Can Gap Insurance Help Save You From Possible Risks?

A week ago, people all over the mid-Atlantic were dumbstruck when a derecho whipped through almost a dozen states, leaving hurricane like destruction in its path. One man had just bought his wife a brand new Mini-Cooper just a few months prior, and he himself had just bought himself a brand new vehicle a year ago too. The night of the windstorm, a tree took out both the vehicles that were in his driveway, flattening them like a pancake. While talking to him, it was pointed out that at least the super tall tree hadn’t fallen just slightly to the right and hit their house. He responded that he had almost wished it had hit the house, explaining that now he would have to spend $20K to pay off the loan on his wife’s new Mini-Cooper versus simply paying a deductible on a homeowners insurance claim.

Unfortunately, if he had purchased GAP (Guaranteed Auto Protection) insurance, he wouldn’t be facing that situation.

When it comes to automobiles, depreciation is a fact of life. Unless you own and insure a classic or antique car which becomes more valuable daily, your car depreciates dramatically beginning the moment you drive it off the lot—that’s a verified statistic, not just an old wives’ tale.

The Automobile Association of America states that cars can depreciate anywhere from 10 to 20% the moment it leaves a dealership. Then, every day you drive your new car, it becomes less valuable and it takes some time to pay enough on a loan so that it’s lower than what you owe on the car.

Because of depreciation, there are many individuals who seek to buy what is called “GAP insurance” when they purchase a new car.  GAP insurance for your vehicle is made to close the “gap” between the amount of money owed on your new car and the amount of money the insurance company would pay if the vehicle were involved in an accident serious enough to be a total loss.

Of course, even if you have full comprehensive insurance, the insurance company will pay only the current market value of the vehicle and not the full amount of money left owing on the loan. As buyer, you would be responsible for paying the entire amount of the loan, regardless of what amount your insurance company pays. This could amount to many thousands of dollars. It is no wonder that people increasingly feel that gap insurance is essential.

Imagine that you just bought a new vehicle for $25,000. Your neighbor’s tree falls and flattens your car three days later (which is exactly what many experienced in the mid-Atlantic last week). Through a little BlueBook research, you ascertain the value of your vehicle is only $20,000 even though it’s only been yours for a matter of hours. But your bank wants the full $25,000 plus interest. Now, you wish you’d bought GAP insurance.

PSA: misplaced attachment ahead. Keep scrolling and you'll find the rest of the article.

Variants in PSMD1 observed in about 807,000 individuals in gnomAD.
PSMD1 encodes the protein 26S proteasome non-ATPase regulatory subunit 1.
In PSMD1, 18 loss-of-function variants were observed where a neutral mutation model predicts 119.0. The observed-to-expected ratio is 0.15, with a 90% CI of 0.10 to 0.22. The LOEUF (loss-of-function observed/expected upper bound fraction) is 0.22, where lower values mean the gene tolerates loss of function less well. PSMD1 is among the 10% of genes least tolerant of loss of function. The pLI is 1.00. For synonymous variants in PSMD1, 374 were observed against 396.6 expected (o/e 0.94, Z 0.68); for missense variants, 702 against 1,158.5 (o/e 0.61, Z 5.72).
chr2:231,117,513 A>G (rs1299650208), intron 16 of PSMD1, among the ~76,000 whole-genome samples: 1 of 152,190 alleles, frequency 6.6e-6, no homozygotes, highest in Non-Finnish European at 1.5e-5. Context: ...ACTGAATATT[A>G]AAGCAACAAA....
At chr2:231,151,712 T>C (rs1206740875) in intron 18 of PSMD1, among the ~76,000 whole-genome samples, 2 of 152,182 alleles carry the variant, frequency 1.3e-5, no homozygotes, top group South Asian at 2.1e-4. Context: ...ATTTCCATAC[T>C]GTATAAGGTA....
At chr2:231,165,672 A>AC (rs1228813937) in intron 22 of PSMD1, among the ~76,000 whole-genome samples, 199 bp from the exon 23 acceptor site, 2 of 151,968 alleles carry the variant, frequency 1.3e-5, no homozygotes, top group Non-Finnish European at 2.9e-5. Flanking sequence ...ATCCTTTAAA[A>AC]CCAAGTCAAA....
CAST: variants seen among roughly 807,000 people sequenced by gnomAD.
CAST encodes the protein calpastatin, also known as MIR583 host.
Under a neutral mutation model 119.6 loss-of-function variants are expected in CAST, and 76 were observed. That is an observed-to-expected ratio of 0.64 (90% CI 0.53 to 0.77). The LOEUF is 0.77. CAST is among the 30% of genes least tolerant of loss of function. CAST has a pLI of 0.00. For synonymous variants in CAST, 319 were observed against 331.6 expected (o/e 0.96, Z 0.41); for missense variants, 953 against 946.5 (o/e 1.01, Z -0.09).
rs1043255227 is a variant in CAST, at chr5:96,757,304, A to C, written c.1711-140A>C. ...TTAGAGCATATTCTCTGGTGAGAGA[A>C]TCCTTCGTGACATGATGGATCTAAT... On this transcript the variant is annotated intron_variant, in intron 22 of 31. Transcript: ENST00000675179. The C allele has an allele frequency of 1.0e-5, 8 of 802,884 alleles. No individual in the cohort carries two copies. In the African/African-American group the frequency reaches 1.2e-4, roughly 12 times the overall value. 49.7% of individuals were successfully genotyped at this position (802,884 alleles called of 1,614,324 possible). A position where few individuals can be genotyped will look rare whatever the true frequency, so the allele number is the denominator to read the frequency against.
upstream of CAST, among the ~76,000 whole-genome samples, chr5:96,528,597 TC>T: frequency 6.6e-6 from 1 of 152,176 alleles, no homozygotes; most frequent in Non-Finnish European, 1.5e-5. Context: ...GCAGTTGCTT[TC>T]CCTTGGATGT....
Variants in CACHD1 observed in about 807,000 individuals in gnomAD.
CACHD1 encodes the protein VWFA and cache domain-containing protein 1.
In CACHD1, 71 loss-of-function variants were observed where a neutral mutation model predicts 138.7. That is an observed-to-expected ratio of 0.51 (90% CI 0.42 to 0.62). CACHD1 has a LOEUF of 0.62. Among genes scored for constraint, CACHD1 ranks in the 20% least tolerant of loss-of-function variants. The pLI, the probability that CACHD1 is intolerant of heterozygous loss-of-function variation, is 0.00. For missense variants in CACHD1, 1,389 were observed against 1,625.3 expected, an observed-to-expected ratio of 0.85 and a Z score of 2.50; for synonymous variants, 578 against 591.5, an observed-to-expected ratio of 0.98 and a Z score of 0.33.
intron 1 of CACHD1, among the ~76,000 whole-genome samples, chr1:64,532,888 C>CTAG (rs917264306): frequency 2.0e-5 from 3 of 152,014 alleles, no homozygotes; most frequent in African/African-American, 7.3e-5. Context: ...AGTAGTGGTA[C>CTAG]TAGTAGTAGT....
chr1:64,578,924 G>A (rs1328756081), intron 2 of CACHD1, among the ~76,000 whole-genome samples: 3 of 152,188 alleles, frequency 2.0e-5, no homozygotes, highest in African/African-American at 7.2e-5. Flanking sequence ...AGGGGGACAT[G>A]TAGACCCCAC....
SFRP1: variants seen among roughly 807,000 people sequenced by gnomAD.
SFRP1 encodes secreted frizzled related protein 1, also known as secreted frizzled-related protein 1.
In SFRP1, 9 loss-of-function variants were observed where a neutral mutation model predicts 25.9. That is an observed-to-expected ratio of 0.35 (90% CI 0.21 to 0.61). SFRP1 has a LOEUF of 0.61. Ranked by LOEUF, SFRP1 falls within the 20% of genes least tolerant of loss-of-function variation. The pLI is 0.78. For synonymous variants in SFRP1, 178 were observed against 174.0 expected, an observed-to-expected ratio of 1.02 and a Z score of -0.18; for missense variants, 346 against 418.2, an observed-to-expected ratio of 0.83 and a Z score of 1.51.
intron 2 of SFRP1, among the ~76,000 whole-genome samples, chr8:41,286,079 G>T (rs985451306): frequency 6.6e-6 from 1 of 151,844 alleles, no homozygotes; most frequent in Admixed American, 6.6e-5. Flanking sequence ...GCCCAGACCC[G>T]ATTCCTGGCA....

Most often, GAP insurance is offered by the dealer at the time of purchase as a part of the loan agreement. As you can see from the example above, this is an option you will certainly want to consider. Like many other potential risks for which we insure ourselves, this expense could become a very real one which may set you back from your financial goals for years to come. Generally speaking, and considering the alternative, although GAP insurance will add some onto your premium, the coverage is not expensive that expensive, sometimes being added as a flat rate, and sometimes being calculated as 5% of what your physical damage coverage (comprehensive and collision coverage) are. Overall, GAP insurance will probably not significantly affect your monthly payment, and making slightly higher monthly insurance payments is a far cry from writing out a $20K check on a brand new car that’s been totaled.

Of course, unless your loan requires it, you are not forced to buy GAP coverage at all. If you want the insurance, and if you prefer, you may seek gap insurance elsewhere. Take the time to meet and visit with your insurance agent prior to your purchase, he or she may be able to offer you options which will save you money and cover you equally well. As often happens, your insurer may be able to provide this insurance as part of a “bundle” which includes other policies and for which you may receive a discount.

Whether you choose to obtain your GAP insurance directly through an insurer or through the financial institution providing your loan, it’s important to know that policies written by insurance agents are regulated by your state’s insurance laws. Policies provided by financial institutions are not.

Once again, it pays to learn all you can about your insurance coverage. By studying your plans and your future needs, your insurer will be in a position to provide you with the best possible protection for all your assets. From your car to your lawnmower, your insurance agency has alternatives to insurance coverage offered through dealerships and manufacturers and can be a source of great security and savings in the long-term.

However, that is not to say that you have to accept the dealership’s offer. Although the GAP insurance they provide may be a low cost, you may still find additional savings by shopping around for better deals on the premiums through private insurers and often online.

Everyone likes to believe they’d never need such insurance, but unfortunately, with today’s market and the quickness at which cars depreciate, it’s not worth the gamble.

Over a week ago, thousands of people across the mid-Atlantic had no idea there cars would be flattened by trees on an unsuspecting Friday night from a windstorm no one really saw coming.  Now, many of them are unfortunately having to write checks to pay off auto loans not covered by their insurance. If you consider GAP insurance just for a little while until you owe less than the car is worth, you could be avoiding a huge gap in your checking account

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